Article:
The first job is to assemble all the 'tools' you will need:
Clover Configurator or OpenCore Configurator or PlistEdit Pro
USBInjectAll.kext - Edit August 2020 - Recommend v 0.7.3 not 0.7.5.
A USB2.0 flash-drive
A USB3.0 flash-drive
In this guide we will be directly editing our config.plist file. For illustrative purposes we demonstrate our edits using each of the three of the editor options in the list above, so you can make your choice. You only need to use one. See Appendix #1
Step 1 - Install the USBInjectAll.kext and a Port-Limit Removal Patch
We need to make all the ports our PC motherboard has available for us to work with.
To mount your hidden EFI partition you first need to check what it's disk designation is. Run the Disk Utility app. and check what you see here:
On all GUID/GPT partitioned disks the EFI folder will come before any APFS 'containers' and even before the main disk. The image above is actually from High Sierra to make things simpler and even though we can't yet see the EFI partition it will actually be located before the main partition. Because in this case the main area of the disk is "disk0s2" the EFI partition will be at "disk0s1". (The other disk you can see in the screengrab is my separate 500GB data drive. We're ignoring that).
Now we know what the disk designation is we can mount that hidden EFI partition using the magic of Terminal commands:
sudo mkdir /Volumes/EFI sudo mount -t msdos /dev/disk0s1 /Volumes/EFI
What you find in your EFI partition will depend on which bootloader you are using - Clover or OpenCore. Either is fine.
For Clover - copy the USBInjectAll.kext into the EFI/CLOVER/kexts/Other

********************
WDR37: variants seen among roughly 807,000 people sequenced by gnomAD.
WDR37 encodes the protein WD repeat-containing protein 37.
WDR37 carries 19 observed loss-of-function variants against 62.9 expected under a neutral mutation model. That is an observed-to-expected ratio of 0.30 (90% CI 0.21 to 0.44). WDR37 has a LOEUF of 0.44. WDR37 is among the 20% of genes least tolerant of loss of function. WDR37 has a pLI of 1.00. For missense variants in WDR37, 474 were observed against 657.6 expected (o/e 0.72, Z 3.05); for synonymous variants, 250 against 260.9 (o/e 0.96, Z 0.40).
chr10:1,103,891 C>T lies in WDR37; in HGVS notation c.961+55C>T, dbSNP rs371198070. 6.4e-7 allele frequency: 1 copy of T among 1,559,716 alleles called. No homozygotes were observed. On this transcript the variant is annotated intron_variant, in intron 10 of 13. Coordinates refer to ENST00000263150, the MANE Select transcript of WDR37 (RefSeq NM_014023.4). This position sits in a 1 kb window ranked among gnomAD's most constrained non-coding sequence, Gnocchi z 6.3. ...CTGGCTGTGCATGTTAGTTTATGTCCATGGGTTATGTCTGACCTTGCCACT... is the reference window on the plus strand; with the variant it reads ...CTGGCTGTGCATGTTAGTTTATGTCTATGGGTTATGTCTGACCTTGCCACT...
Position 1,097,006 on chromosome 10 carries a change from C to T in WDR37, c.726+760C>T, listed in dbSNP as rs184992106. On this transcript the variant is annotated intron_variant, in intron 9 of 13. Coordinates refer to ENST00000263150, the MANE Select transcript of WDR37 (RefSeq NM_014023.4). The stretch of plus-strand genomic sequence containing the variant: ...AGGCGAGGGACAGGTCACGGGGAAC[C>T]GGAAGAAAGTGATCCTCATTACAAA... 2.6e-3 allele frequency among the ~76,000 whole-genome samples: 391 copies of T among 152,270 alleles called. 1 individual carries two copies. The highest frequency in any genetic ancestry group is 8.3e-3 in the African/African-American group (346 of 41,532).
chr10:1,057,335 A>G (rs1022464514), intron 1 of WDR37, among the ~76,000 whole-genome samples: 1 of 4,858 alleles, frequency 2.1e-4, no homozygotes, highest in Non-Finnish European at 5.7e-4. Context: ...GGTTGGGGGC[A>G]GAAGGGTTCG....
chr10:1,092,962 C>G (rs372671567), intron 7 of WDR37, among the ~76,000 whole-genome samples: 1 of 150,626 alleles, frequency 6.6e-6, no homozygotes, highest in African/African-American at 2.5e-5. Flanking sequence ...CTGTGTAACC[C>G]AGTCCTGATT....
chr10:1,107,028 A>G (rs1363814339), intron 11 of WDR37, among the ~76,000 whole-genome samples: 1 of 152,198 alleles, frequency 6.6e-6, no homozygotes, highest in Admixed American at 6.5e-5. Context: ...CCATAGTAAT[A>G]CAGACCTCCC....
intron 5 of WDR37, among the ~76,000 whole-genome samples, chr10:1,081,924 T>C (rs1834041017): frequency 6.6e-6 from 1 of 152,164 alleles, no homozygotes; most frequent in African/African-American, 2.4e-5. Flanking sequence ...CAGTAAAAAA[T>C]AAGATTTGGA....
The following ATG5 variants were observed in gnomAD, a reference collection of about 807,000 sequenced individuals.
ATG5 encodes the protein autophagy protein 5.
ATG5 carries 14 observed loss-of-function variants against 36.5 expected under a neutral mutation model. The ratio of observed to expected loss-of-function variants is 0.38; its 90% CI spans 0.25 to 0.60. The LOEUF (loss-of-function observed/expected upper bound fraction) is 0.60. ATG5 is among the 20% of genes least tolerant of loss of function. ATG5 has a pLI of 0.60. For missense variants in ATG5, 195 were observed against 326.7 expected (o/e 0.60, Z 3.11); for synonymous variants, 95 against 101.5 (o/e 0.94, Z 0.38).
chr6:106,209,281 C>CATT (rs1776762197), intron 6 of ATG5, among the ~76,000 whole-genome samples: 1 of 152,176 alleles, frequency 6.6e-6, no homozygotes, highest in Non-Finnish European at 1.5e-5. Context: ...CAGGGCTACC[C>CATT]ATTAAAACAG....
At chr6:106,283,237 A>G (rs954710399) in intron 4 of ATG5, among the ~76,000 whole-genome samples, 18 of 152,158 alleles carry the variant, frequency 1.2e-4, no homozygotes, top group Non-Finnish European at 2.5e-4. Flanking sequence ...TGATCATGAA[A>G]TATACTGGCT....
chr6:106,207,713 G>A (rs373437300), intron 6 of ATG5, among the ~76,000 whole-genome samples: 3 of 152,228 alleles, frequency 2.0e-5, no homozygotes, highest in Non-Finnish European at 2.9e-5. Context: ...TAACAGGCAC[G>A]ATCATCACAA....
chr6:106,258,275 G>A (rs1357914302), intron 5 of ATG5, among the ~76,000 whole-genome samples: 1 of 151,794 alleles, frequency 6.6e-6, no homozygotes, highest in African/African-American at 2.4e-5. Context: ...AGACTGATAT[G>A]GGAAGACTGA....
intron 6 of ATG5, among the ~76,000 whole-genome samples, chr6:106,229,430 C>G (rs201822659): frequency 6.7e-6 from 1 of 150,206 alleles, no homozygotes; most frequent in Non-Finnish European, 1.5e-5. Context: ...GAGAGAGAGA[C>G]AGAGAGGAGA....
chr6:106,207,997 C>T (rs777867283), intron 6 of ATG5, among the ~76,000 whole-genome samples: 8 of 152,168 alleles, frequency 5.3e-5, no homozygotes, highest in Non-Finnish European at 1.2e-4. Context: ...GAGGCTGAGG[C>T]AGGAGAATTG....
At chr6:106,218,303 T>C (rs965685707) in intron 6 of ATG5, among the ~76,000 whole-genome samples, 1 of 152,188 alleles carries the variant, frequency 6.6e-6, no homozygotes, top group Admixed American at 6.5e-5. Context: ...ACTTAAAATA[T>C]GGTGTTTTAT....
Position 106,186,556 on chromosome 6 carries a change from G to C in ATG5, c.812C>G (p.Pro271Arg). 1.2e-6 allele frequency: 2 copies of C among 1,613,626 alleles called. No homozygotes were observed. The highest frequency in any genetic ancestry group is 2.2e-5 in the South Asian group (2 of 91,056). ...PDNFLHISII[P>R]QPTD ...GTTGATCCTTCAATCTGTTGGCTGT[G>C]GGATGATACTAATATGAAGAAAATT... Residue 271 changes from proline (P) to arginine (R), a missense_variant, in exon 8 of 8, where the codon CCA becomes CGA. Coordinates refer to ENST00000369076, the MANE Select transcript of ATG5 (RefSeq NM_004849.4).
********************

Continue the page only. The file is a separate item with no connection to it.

For OpenCore - copy USBInjectAll.kext into OC/Kexts - AND - add a new kext section to your config.plist. If you are an early adopter of OpenCore you will know that you have to declare each kext with the path to it's executable etc. (See screengrab below).
Port_limit Removal Patch:
The PLR Patches (as we will call them from now on for brevity) are explained in each macOS support section - High Sierra, Mojave and Catalina.
See Appendix #2
For Clover - enter the PLRP in your config.plist . Here is the Catalina one viewed in Clover Configurator.
Here is the same patch inserted using PlistEdit Pro instead (see Appendix #1) As you can see there are five Kexts to Patch, with our two Catalina PLR-Patches at the top of the list.
For OpenCore - set Quirk "XhciPortLimit" as "/true". Here is what it looks like in OpenCore Configurator. See below for what it looks like in PlistEdit Pro.
Here is the same "Quirk" being edited-in using PlistEdit Pro. Pretty simple:
Save and Reboot
Step 2) Check what USB ports you have.
Run Hackintool and select the USB icon in the menu bar: